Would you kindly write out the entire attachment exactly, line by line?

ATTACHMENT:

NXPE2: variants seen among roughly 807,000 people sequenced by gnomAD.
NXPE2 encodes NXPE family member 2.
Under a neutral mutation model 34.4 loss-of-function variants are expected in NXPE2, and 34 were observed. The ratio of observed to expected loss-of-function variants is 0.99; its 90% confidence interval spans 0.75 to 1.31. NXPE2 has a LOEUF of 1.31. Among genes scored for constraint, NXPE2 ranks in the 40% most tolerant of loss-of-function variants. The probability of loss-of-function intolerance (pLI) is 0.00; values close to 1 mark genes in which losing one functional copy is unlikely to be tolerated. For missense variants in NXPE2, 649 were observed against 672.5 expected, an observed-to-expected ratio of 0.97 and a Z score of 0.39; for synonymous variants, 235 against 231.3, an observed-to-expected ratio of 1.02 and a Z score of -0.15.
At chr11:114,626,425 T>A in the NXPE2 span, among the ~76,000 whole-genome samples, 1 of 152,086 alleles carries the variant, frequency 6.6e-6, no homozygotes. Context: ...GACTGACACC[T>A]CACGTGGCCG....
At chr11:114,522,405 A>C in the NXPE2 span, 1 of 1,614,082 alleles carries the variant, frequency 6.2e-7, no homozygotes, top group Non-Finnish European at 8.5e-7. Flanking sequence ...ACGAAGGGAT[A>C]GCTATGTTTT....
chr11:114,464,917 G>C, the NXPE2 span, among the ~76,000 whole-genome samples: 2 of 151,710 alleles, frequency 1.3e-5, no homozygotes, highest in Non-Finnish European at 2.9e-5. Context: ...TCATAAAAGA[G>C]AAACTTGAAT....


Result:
NXPE2: variants seen among roughly 807,000 people sequenced by gnomAD.
NXPE2 encodes NXPE family member 2.
Under a neutral mutation model 34.4 loss-of-function variants are expected in NXPE2, and 34 were observed. The ratio of observed to expected loss-of-function variants is 0.99; its 90% confidence interval spans 0.75 to 1.31. NXPE2 has a LOEUF of 1.31. Among genes scored for constraint, NXPE2 ranks in the 40% most tolerant of loss-of-function variants. The probability of loss-of-function intolerance (pLI) is 0.00; values close to 1 mark genes in which losing one functional copy is unlikely to be tolerated. For missense variants in NXPE2, 649 were observed against 672.5 expected, an observed-to-expected ratio of 0.97 and a Z score of 0.39; for synonymous variants, 235 against 231.3, an observed-to-expected ratio of 1.02 and a Z score of -0.15.
At chr11:114,626,425 T>A in the NXPE2 span, among the ~76,000 whole-genome samples, 1 of 152,086 alleles carries the variant, frequency 6.6e-6, no homozygotes. Context: ...GACTGACACC[T>A]CACGTGGCCG....
At chr11:114,522,405 A>C in the NXPE2 span, 1 of 1,614,082 alleles carries the variant, frequency 6.2e-7, no homozygotes, top group Non-Finnish European at 8.5e-7. Flanking sequence ...ACGAAGGGAT[A>C]GCTATGTTTT....
chr11:114,464,917 G>C, the NXPE2 span, among the ~76,000 whole-genome samples: 2 of 151,710 alleles, frequency 1.3e-5, no homozygotes, highest in Non-Finnish European at 2.9e-5. Context: ...TCATAAAAGA[G>C]AAACTTGAAT....